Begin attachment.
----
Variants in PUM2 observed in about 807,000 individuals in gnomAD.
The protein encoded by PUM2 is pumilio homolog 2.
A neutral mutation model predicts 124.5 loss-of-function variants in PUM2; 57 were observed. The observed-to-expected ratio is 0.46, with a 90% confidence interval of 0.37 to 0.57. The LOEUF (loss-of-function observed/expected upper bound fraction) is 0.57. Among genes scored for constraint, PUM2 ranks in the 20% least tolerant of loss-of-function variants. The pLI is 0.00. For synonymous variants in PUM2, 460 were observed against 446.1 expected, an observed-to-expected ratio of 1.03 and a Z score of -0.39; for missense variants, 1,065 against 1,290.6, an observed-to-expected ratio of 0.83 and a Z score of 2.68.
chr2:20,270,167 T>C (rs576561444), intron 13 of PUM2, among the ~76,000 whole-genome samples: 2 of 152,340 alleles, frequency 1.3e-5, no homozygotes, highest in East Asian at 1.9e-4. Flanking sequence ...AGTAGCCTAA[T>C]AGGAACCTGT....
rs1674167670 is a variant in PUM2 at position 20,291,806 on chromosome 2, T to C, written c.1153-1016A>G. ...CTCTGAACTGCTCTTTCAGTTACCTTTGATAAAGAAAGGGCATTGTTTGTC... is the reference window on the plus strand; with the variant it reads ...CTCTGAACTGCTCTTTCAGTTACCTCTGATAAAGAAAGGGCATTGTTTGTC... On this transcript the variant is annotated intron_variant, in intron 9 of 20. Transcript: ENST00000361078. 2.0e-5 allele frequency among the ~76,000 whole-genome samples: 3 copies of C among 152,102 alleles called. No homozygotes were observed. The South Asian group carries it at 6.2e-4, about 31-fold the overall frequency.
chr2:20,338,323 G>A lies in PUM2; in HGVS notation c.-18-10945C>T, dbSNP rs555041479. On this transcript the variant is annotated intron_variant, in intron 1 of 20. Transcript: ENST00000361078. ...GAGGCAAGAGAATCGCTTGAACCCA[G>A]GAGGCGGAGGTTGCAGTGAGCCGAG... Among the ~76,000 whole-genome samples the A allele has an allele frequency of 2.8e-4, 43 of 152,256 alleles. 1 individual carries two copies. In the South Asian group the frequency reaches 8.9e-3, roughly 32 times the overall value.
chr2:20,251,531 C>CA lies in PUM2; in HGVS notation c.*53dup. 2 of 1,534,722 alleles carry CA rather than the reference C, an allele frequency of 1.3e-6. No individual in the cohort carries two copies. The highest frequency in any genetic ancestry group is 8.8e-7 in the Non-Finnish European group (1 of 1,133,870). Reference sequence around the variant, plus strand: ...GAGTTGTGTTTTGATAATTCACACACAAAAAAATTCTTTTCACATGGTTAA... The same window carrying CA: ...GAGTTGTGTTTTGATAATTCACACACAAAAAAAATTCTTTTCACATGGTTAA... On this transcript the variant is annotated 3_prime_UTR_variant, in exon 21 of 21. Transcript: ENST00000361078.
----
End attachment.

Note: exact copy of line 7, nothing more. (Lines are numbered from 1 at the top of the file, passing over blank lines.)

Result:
chr2:20,251,531 C>CA lies in PUM2; in HGVS notation c.*53dup. 2 of 1,534,722 alleles carry CA rather than the reference C, an allele frequency of 1.3e-6. No individual in the cohort carries two copies. The highest frequency in any genetic ancestry group is 8.8e-7 in the Non-Finnish European group (1 of 1,133,870). Reference sequence around the variant, plus strand: ...GAGTTGTGTTTTGATAATTCACACACAAAAAAATTCTTTTCACATGGTTAA... The same window carrying CA: ...GAGTTGTGTTTTGATAATTCACACACAAAAAAAATTCTTTTCACATGGTTAA... On this transcript the variant is annotated 3_prime_UTR_variant, in exon 21 of 21. Transcript: ENST00000361078.